After Colorado home brewer Jeff Lebesch returned from a trip across Europe on his “fat tire” mountain bike in 1989, he began brewing an amber beer called Fat Tire in the basement of his Fort Collins, Colo., home.
Tires, by a wide margin, are the top maintenance cost for most beverage fleets. Containing these costs requires frequent, thorough inspections and diligently maintaining proper tire pressure to prevent a tire’s early demise.
Apart from buying a pricey ad during the Super Bowl that would be seen by a few million viewers once each year, one of the next best methods of beverage marketing is in the form of delivery truck graphics, which can be seen by millions every day.
As noted in last month’s article on the shift from straight trucks to tractor-trailer combinations, the bottler/distributor consolidation and SKU proliferation of the last decade have had an unprecedented impact on the beverage industry, and more specifically, on beverage fleet operations.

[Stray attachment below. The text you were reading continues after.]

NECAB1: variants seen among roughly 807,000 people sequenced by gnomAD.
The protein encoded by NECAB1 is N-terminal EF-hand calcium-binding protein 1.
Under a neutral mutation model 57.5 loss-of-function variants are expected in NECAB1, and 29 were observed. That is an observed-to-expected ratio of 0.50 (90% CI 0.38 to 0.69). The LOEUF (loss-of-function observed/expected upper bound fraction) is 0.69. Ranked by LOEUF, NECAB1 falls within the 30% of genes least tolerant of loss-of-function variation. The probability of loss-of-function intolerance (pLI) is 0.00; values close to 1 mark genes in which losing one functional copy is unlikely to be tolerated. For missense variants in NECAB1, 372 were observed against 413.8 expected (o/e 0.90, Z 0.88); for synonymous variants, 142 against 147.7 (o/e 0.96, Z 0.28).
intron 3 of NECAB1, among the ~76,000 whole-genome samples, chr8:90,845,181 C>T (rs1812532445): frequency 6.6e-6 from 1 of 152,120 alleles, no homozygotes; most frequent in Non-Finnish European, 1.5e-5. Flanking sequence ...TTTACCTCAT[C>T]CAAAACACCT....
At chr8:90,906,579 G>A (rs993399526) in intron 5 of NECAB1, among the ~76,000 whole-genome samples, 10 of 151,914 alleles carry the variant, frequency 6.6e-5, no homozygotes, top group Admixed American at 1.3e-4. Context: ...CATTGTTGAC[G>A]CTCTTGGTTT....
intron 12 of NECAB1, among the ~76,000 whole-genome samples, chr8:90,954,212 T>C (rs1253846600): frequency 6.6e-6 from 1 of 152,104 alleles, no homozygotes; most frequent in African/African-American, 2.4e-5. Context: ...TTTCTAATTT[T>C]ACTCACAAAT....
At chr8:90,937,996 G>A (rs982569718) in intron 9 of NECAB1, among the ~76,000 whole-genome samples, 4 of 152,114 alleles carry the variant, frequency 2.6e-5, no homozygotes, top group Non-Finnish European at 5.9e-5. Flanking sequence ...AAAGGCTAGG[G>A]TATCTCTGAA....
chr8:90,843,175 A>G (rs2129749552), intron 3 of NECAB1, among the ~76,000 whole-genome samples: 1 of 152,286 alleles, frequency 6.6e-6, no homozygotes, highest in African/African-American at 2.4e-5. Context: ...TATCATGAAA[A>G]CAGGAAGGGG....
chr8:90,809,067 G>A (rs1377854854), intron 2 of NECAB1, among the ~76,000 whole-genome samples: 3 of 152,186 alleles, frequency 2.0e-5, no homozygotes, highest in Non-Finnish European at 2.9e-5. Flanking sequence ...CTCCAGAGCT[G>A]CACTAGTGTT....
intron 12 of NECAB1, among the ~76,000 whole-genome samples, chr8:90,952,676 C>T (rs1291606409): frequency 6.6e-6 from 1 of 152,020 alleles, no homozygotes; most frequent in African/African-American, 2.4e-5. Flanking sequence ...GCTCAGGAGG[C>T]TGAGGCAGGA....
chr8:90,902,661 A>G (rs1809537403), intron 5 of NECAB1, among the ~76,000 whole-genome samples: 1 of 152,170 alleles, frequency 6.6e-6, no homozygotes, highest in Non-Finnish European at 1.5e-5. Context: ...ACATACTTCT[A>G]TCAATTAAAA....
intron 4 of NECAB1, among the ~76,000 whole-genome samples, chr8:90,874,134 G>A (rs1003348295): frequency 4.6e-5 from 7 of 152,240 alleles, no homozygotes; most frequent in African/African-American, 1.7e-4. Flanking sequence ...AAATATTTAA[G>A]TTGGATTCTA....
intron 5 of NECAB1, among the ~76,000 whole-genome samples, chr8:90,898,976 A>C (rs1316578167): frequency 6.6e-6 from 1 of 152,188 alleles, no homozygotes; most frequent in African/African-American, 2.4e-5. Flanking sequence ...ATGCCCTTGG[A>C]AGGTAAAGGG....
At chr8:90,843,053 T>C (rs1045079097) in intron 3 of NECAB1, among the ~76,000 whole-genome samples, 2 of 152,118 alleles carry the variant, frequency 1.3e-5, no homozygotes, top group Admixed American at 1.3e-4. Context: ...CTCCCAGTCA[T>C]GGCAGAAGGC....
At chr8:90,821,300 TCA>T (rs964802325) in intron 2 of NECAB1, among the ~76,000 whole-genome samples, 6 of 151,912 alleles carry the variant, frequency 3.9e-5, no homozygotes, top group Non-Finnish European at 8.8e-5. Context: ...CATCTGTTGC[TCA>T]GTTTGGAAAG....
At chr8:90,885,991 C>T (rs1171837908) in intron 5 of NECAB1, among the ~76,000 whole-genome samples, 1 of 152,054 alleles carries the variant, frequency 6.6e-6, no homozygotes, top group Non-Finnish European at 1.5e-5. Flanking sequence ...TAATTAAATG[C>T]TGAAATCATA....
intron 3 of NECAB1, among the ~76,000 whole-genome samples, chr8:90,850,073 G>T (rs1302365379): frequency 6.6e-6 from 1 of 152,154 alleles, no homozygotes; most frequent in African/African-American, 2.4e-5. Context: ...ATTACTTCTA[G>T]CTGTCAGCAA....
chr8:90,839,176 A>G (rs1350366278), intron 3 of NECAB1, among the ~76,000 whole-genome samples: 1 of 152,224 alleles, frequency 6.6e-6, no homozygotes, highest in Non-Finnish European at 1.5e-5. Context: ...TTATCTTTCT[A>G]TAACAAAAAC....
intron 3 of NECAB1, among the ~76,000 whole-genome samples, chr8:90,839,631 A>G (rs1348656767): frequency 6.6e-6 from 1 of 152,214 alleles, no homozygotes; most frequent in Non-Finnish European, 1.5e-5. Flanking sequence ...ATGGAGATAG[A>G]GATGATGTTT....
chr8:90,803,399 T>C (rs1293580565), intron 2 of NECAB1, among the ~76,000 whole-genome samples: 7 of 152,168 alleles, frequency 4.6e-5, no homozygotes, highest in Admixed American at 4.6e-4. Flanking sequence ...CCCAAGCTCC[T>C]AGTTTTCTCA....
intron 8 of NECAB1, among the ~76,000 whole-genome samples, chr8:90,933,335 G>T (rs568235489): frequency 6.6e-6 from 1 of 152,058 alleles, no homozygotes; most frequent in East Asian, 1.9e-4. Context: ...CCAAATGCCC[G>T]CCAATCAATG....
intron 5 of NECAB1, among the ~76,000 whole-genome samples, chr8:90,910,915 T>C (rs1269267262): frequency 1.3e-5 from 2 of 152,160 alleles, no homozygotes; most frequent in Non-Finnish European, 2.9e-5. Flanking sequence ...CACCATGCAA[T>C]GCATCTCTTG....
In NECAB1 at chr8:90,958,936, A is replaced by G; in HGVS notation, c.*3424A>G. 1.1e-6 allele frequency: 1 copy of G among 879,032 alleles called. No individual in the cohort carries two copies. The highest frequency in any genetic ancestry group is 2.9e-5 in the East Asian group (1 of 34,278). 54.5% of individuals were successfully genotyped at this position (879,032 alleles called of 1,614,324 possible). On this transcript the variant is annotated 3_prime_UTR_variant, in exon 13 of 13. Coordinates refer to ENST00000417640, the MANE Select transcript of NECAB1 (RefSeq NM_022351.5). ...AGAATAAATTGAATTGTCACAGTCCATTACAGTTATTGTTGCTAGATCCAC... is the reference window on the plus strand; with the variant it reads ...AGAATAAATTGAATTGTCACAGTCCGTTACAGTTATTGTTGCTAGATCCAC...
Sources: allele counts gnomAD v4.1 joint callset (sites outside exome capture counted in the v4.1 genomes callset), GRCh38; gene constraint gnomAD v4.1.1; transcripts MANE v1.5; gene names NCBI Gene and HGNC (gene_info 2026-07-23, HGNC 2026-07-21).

Fleet managers utilize telematics to cut costs, boost efficiency
June 14, 2013
With fuel prices hovering near the $4 a gallon range, drivers across the industry are looking for ways to cut costs and boost vehicle efficiency. Some fleet managers have turned to telematics to help monitor fleet performance and reduce overall vehicle costs.
The first decade of the 21st century saw profound change in the beverage industry, with an exponential explosion of product SKUs taking place at the same time as unprecedented levels of bottler and distributor consolidation.
Although it might not have been a requirement 10 years ago, good brands today will need to make a genuine commitment to sustainability moving forward, says Trent Overholt, vice president of supply chain solutions for Los Angeles-based Rehrig Pacific Co.